When reading the title of this article, there is no doubt that it sparked either an emotion or a name of that person we should be having a difficult conversation with. It is likely our reaction was one of hesitation or with an audible sigh. As leaders, difficult conversations come in many forms. Some of us consider a difficult conversation as one with a lot of negative emotion. Others may consider the difficult conversation as one with many tears. Regardless of what the definition may be, the important piece is to have them. Actions cannot change if we are not talking about them. Here are three tangible takeaways that can be used during our next difficult conversation.
• Prepare our thoughts: Most difficult conversations have emotions already built into it. When emotions are involved, it may be tough to think of all the points we would like to make. We may be persuaded by someone else’s emotions or decide our new purpose is to make someone stop crying. Write down the purpose and key points ahead of time. This will keep us on track and allow us to better guide the conversation to set clear expectations.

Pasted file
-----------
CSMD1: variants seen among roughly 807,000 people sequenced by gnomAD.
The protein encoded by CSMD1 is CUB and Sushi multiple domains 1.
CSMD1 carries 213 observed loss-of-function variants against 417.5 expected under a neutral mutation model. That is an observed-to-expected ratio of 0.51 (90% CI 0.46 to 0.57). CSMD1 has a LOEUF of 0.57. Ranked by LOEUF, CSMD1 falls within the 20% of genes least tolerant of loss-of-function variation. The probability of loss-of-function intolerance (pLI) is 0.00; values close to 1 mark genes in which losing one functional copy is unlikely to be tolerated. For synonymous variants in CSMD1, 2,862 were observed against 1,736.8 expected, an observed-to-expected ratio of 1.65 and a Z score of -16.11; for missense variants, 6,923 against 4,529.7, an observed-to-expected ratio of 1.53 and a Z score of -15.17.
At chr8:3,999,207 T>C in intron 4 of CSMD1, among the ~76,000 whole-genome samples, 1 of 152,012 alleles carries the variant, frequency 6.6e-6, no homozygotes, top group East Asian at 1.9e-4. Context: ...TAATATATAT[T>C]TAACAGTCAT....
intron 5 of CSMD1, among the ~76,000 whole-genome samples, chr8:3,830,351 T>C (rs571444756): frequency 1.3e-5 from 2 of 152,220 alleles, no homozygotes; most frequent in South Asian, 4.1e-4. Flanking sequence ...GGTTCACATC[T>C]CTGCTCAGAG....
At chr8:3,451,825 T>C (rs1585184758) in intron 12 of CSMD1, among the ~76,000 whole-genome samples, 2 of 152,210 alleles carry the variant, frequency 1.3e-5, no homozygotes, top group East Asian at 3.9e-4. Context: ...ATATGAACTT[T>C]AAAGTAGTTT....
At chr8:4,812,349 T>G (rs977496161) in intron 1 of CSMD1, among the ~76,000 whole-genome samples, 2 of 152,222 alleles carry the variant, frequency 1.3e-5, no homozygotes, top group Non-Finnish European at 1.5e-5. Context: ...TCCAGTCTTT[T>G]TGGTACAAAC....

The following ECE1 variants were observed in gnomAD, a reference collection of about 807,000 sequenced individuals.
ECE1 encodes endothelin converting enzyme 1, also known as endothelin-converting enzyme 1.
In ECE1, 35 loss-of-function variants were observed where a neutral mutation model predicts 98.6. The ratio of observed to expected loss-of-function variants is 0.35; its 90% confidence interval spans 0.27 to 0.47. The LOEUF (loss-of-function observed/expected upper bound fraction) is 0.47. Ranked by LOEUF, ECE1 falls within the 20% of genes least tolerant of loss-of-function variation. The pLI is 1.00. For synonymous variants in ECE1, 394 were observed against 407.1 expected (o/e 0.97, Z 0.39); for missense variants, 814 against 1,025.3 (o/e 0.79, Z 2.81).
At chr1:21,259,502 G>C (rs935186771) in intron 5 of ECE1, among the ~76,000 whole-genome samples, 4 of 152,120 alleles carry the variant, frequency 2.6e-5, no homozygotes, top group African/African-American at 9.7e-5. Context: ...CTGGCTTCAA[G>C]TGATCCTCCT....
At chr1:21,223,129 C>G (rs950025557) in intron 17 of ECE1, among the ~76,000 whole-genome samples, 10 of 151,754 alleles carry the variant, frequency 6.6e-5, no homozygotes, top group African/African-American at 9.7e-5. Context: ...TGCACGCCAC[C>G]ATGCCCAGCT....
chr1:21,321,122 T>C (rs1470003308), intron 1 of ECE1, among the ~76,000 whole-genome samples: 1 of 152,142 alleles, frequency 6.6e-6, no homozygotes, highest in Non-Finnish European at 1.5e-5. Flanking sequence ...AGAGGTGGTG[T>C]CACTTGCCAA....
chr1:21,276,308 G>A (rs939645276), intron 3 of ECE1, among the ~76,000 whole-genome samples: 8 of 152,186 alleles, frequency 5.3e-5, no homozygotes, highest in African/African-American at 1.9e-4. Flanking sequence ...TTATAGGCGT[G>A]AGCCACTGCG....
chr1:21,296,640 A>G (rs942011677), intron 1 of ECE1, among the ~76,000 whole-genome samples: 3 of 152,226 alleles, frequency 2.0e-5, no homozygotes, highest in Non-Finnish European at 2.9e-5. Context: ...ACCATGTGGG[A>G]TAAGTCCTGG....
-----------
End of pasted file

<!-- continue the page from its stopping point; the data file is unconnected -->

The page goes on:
• Be Patient: By demonstrating patience, we are creating space for others to vent or process while allowing us time to strategically think of our next step. For some, and while it should never, conversations come as a surprise. For others, they may not care or see the purpose of what we are trying to tell them. Keep asking questions and showing the “why” of their actions.
• Follow up: Although this step may take place after the conversations, it is crucial. Following up shows that we are caring of the situation but also demonstrating that we are aware that change should be happening after the talk has taken place.
Difficult conversations are difficult. We are going to mess up. However, we can be proactive and do our best to make them easier.